Between 1800 and 1860 the population of Glasgow increased more than five-fold to around 420,000. While the richer citizens moved to the suburbs, the influx of migrants from Ireland and the Highlands caused massive overpopulation in the inner city. There were two types of working-class housing; the ‘made down houses' - former middle class homes where each room might house an entire family - and traditional tenements, often without running water or sanitation. In 1866 the City Improvement Trust was tasked with demolishing the old buildings and replacing them with wider roads and larger tenements. Although these slum clearances in part shifted the problem of overcrowding to other areas, they did wipe out epidemic diseases such as cholera and typhus.
In 1868 the Fife-born photographer, Thomas Annan, began his series of thirty-one photographs of the closes and wynds of old Glasgow. This area was one of the worst urban slums in Britain and had recently been scheduled for demolition by the City Improvement Trust, a body set up by the Glasgow Improvement Act of 1866 with sweeping powers to clear property. Annan was charged by the Trustees with recording its passing, an antiquarian commission that answered an anxiety about the city’s rapid pace of change. Facing technical problems due to the dark and dank conditions, he utilised the wet collodion process, the most sensitive technology then available. The series is acknowledged as the first record of slum housing in the history of photography.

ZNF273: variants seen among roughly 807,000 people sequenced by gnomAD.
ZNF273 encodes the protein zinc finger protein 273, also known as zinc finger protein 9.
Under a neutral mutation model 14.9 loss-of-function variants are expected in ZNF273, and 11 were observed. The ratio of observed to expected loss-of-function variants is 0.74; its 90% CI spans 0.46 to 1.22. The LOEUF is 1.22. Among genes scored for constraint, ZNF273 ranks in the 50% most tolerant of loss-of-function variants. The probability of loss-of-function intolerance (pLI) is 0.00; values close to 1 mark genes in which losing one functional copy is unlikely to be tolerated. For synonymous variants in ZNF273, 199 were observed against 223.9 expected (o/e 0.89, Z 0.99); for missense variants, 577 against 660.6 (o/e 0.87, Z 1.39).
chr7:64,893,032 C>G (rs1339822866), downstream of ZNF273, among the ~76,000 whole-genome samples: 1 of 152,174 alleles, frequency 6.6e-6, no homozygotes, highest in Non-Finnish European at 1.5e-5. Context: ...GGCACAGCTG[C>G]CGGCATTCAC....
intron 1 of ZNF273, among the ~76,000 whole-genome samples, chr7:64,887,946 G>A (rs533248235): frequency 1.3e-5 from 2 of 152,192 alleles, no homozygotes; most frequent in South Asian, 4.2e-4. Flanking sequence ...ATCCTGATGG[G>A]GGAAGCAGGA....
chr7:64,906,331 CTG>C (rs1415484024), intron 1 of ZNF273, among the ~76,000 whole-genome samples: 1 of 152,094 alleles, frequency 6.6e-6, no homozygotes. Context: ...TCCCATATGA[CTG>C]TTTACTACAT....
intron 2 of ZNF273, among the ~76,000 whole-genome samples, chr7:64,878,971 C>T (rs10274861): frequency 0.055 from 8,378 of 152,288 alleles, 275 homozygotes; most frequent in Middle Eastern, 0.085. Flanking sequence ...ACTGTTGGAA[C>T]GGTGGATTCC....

Having begun his career as a lithographic writer and engraver on a local newspaper in Fife, Thomas Annan set up a studio as a professional photographer in 1855. He founded his own photographic printing works in Hamilton in 1859 and by 1862 had begun to establish a reputation for photographing works of art. In 1866 he purchased the carbon process patent rights for Scotland and in 1883 he secured the British rights for photogravure. Between 1868 and 1871 he executed a commission from the City of Glasgow to photograph the slums of the old town before their demolition.